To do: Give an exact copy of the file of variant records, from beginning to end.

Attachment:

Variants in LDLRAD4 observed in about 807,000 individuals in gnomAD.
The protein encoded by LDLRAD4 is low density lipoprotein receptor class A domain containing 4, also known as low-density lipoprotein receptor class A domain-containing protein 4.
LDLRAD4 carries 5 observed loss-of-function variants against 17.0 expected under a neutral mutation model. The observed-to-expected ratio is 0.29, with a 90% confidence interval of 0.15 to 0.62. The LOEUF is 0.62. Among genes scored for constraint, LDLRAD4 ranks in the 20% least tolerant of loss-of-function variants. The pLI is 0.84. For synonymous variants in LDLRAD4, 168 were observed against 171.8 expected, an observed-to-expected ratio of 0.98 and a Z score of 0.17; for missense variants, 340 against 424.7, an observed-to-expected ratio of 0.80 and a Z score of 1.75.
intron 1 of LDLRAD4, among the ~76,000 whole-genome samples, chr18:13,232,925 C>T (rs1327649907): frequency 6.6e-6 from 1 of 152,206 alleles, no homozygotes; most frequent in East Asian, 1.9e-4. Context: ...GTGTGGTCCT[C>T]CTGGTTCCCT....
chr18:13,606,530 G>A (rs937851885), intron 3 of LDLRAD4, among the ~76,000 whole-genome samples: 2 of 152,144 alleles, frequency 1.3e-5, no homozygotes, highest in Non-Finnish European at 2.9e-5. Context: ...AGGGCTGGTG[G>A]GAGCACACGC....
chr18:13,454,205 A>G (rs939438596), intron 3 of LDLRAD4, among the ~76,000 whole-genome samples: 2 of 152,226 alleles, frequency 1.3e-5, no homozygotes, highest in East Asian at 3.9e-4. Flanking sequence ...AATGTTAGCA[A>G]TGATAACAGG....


Variants in LDLRAD4 observed in about 807,000 individuals in gnomAD.
The protein encoded by LDLRAD4 is low density lipoprotein receptor class A domain containing 4, also known as low-density lipoprotein receptor class A domain-containing protein 4.
LDLRAD4 carries 5 observed loss-of-function variants against 17.0 expected under a neutral mutation model. The observed-to-expected ratio is 0.29, with a 90% confidence interval of 0.15 to 0.62. The LOEUF is 0.62. Among genes scored for constraint, LDLRAD4 ranks in the 20% least tolerant of loss-of-function variants. The pLI is 0.84. For synonymous variants in LDLRAD4, 168 were observed against 171.8 expected, an observed-to-expected ratio of 0.98 and a Z score of 0.17; for missense variants, 340 against 424.7, an observed-to-expected ratio of 0.80 and a Z score of 1.75.
intron 1 of LDLRAD4, among the ~76,000 whole-genome samples, chr18:13,232,925 C>T (rs1327649907): frequency 6.6e-6 from 1 of 152,206 alleles, no homozygotes; most frequent in East Asian, 1.9e-4. Context: ...GTGTGGTCCT[C>T]CTGGTTCCCT....
chr18:13,606,530 G>A (rs937851885), intron 3 of LDLRAD4, among the ~76,000 whole-genome samples: 2 of 152,144 alleles, frequency 1.3e-5, no homozygotes, highest in Non-Finnish European at 2.9e-5. Context: ...AGGGCTGGTG[G>A]GAGCACACGC....
chr18:13,454,205 A>G (rs939438596), intron 3 of LDLRAD4, among the ~76,000 whole-genome samples: 2 of 152,226 alleles, frequency 1.3e-5, no homozygotes, highest in East Asian at 3.9e-4. Flanking sequence ...AATGTTAGCA[A>G]TGATAACAGG....